In their bonding against Sydelle, Maggie and Rose demonstrate a certain sameness, at least in their capacity to begrudge and judge. Their similarity is underlined as well in their affection for shoes. These come up repeatedly, as objects of desire and signs of emotional health. Rose has a closet full of them, expensive, neatly arranged and mostly un-worn. As Maggie’s face reveals her simultaneous envy and approval, Rose’s explanation is at once self-aware and pathetic: “Shoes always fit,” she says, “I treat myself when I feel bad.” A reverse shot of the frankly stunning collection indicates that Rose feels bad frequently. And beside that, as she puts it bluntly to her whiny sister, “I don’t have room in my head for your problems right now.”


And so, the shoes also mark the sisters’ fundamental differences in attitude, self-regard, and impulse control: Rose preserves them, Maggie makes use of them. Though Rose declares the shoes off limits, as soon as she leaves for work, Maggie’s all over them (after she’s done rifling through Rose’s drawers in search of cash). The sisters clash loudly when Rose discovers Maggie using something else Rose considers her property. By this point, you’ve learned that Maggie has reasons for her incessant screw-ups (namely, she’s dyslexic and insecure, having grown up feeling inferior and unloved and abandoned, and yadda yadda yadda). And so Rose’s furious, kick-ass dis—having to do with Maggie’s stupidity—actually seems cruel, and Maggie’s departure somewhat sad. This even though their barely repressed rage at one another has been making them and you miserable for the past 45 minutes.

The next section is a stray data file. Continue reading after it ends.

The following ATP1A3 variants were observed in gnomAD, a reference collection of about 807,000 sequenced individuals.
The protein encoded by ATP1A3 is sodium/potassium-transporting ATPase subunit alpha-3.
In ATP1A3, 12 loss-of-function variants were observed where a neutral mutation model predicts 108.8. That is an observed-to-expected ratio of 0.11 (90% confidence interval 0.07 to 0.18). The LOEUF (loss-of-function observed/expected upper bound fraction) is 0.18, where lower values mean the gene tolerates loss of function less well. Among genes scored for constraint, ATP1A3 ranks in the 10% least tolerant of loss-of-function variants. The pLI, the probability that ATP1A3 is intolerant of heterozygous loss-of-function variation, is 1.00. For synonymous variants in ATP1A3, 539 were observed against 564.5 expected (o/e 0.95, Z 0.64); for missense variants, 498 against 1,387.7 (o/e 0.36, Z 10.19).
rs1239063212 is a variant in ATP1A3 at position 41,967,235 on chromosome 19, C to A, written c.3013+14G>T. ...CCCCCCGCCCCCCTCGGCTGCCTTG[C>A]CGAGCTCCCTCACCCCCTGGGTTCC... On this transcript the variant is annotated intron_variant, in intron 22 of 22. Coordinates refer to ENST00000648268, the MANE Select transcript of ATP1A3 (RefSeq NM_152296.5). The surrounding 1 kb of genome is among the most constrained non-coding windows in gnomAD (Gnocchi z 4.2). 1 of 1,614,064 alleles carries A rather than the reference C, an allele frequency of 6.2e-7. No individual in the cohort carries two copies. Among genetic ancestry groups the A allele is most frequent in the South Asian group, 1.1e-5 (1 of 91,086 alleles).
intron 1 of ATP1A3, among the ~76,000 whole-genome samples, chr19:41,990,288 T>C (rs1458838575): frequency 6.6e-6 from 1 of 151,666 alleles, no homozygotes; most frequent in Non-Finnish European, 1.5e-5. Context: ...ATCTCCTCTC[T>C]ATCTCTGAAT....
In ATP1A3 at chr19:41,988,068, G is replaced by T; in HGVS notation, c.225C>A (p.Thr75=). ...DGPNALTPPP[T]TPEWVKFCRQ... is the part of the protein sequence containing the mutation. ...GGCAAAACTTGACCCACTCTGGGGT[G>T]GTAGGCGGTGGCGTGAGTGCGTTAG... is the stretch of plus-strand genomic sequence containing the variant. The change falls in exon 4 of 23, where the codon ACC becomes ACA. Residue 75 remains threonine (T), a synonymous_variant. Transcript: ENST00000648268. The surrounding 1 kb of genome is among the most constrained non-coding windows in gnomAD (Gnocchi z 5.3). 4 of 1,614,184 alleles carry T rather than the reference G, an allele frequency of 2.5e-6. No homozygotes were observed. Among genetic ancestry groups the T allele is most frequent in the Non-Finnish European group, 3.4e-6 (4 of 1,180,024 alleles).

So begins part two of In Her Shoes, wherein Maggie discovers the existence of a grandmother, Ella (Shirley MacClaine) and the sisters find even more grounds for their conflicts, with each other and with the world. Ella lives in a Florida retirement community, and is as cynical and tough as Maggie believes herself to be. Their even-matchedness leads both to soften up some, which is not to say they meet precisely halfway. Ella eventually makes the big move, inviting a couple of fellow retirees over to drink Cosmopolitans and watch Sex and the City, in an effort to engage Maggie’s interest; Ella knows her target, as Maggie can’t resist remembering how much she does indeed “like this episode,” sitting herself down and sharing Carrie memories with her new friends and grandmother.